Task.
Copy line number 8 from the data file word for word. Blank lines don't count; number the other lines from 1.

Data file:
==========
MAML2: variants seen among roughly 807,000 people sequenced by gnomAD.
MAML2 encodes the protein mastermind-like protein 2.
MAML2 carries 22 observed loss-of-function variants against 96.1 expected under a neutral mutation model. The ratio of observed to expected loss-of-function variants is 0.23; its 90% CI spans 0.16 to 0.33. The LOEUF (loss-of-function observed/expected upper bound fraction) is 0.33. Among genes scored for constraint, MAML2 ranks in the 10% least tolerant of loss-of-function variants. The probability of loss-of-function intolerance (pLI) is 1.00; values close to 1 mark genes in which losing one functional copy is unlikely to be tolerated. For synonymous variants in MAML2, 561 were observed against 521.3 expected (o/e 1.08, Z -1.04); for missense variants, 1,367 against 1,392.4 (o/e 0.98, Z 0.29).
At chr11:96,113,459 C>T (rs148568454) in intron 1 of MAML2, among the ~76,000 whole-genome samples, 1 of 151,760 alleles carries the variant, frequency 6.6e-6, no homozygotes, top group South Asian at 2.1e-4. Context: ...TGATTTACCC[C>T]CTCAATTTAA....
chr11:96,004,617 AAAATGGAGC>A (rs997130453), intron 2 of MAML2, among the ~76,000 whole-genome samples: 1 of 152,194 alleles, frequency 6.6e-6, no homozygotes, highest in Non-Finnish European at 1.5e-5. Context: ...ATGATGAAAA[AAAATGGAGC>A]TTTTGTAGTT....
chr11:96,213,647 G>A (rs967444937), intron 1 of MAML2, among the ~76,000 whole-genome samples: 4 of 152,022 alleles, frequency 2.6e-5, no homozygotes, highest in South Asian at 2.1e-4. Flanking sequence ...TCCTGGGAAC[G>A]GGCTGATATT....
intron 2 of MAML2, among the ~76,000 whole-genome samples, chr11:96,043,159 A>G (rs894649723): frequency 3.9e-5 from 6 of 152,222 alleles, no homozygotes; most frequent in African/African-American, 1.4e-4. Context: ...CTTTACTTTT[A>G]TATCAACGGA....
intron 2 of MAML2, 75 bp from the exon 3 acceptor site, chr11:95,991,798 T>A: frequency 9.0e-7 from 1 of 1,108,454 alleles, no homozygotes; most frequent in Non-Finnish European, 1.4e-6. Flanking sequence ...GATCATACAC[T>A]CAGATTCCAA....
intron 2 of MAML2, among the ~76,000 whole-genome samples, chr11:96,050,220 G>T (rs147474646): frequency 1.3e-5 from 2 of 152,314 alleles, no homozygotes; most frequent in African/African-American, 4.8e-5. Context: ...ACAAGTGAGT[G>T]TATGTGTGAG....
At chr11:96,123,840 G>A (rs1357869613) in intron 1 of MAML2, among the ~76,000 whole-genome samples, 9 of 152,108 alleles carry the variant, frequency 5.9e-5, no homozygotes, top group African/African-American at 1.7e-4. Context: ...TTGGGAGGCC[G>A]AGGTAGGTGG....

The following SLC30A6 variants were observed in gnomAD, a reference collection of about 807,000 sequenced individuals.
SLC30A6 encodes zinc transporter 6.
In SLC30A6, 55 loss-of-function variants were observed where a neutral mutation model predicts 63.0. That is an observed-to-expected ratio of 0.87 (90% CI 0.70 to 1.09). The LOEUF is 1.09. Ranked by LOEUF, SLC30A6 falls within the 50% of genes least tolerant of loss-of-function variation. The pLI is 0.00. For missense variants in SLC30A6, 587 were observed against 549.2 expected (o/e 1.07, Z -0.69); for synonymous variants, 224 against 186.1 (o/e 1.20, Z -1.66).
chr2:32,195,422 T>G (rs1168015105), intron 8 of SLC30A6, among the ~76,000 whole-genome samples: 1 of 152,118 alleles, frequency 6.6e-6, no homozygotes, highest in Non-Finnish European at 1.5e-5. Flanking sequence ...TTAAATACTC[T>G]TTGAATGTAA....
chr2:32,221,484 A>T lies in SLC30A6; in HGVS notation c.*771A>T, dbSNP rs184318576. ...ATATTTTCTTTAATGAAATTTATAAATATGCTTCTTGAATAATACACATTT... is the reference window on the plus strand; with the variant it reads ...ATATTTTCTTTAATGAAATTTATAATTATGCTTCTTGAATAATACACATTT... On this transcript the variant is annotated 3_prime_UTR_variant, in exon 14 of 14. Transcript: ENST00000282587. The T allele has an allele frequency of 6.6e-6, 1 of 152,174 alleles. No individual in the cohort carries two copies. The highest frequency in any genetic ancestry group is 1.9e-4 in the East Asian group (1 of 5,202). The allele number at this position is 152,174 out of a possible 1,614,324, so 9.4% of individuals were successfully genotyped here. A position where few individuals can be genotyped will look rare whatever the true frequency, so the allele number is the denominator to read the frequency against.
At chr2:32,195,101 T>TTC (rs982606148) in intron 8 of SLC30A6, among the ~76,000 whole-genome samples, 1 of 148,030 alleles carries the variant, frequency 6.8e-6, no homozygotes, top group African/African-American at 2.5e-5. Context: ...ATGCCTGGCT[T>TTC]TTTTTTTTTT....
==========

intron 2 of MAML2, 75 bp from the exon 3 acceptor site, chr11:95,991,798 T>A: frequency 9.0e-7 from 1 of 1,108,454 alleles, no homozygotes; most frequent in Non-Finnish European, 1.4e-6. Flanking sequence ...GATCATACAC[T>A]CAGATTCCAA....